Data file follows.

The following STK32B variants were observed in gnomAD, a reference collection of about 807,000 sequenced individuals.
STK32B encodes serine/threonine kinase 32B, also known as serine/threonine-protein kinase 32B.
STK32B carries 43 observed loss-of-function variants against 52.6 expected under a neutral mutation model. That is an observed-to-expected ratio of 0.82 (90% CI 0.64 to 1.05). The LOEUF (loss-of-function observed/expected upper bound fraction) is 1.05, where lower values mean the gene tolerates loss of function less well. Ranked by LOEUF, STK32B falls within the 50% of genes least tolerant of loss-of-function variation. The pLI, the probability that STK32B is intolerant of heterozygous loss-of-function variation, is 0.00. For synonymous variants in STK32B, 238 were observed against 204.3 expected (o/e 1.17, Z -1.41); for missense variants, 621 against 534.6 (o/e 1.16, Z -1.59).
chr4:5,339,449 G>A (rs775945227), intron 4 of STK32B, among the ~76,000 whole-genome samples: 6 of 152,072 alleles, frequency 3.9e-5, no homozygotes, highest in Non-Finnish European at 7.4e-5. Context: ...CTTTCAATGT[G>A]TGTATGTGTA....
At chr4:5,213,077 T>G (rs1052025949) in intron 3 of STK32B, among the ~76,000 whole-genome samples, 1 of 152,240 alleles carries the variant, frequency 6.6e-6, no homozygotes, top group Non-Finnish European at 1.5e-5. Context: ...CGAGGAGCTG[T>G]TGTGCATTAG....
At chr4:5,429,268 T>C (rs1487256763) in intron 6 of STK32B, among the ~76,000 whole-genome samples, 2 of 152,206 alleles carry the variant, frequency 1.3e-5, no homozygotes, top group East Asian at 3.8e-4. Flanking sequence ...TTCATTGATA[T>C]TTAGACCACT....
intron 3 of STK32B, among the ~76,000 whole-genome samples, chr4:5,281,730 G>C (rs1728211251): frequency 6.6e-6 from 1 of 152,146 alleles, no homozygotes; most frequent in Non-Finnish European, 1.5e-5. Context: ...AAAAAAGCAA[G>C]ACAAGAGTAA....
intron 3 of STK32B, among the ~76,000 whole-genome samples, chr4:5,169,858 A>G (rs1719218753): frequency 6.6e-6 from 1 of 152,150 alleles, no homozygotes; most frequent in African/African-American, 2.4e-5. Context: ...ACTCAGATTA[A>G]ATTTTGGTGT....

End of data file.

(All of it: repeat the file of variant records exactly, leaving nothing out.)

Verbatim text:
The following STK32B variants were observed in gnomAD, a reference collection of about 807,000 sequenced individuals.
STK32B encodes serine/threonine kinase 32B, also known as serine/threonine-protein kinase 32B.
STK32B carries 43 observed loss-of-function variants against 52.6 expected under a neutral mutation model. That is an observed-to-expected ratio of 0.82 (90% CI 0.64 to 1.05). The LOEUF (loss-of-function observed/expected upper bound fraction) is 1.05, where lower values mean the gene tolerates loss of function less well. Ranked by LOEUF, STK32B falls within the 50% of genes least tolerant of loss-of-function variation. The pLI, the probability that STK32B is intolerant of heterozygous loss-of-function variation, is 0.00. For synonymous variants in STK32B, 238 were observed against 204.3 expected (o/e 1.17, Z -1.41); for missense variants, 621 against 534.6 (o/e 1.16, Z -1.59).
chr4:5,339,449 G>A (rs775945227), intron 4 of STK32B, among the ~76,000 whole-genome samples: 6 of 152,072 alleles, frequency 3.9e-5, no homozygotes, highest in Non-Finnish European at 7.4e-5. Context: ...CTTTCAATGT[G>A]TGTATGTGTA....
At chr4:5,213,077 T>G (rs1052025949) in intron 3 of STK32B, among the ~76,000 whole-genome samples, 1 of 152,240 alleles carries the variant, frequency 6.6e-6, no homozygotes, top group Non-Finnish European at 1.5e-5. Context: ...CGAGGAGCTG[T>G]TGTGCATTAG....
At chr4:5,429,268 T>C (rs1487256763) in intron 6 of STK32B, among the ~76,000 whole-genome samples, 2 of 152,206 alleles carry the variant, frequency 1.3e-5, no homozygotes, top group East Asian at 3.8e-4. Flanking sequence ...TTCATTGATA[T>C]TTAGACCACT....
intron 3 of STK32B, among the ~76,000 whole-genome samples, chr4:5,281,730 G>C (rs1728211251): frequency 6.6e-6 from 1 of 152,146 alleles, no homozygotes; most frequent in Non-Finnish European, 1.5e-5. Context: ...AAAAAAGCAA[G>C]ACAAGAGTAA....
intron 3 of STK32B, among the ~76,000 whole-genome samples, chr4:5,169,858 A>G (rs1719218753): frequency 6.6e-6 from 1 of 152,150 alleles, no homozygotes; most frequent in African/African-American, 2.4e-5. Context: ...ACTCAGATTA[A>G]ATTTTGGTGT....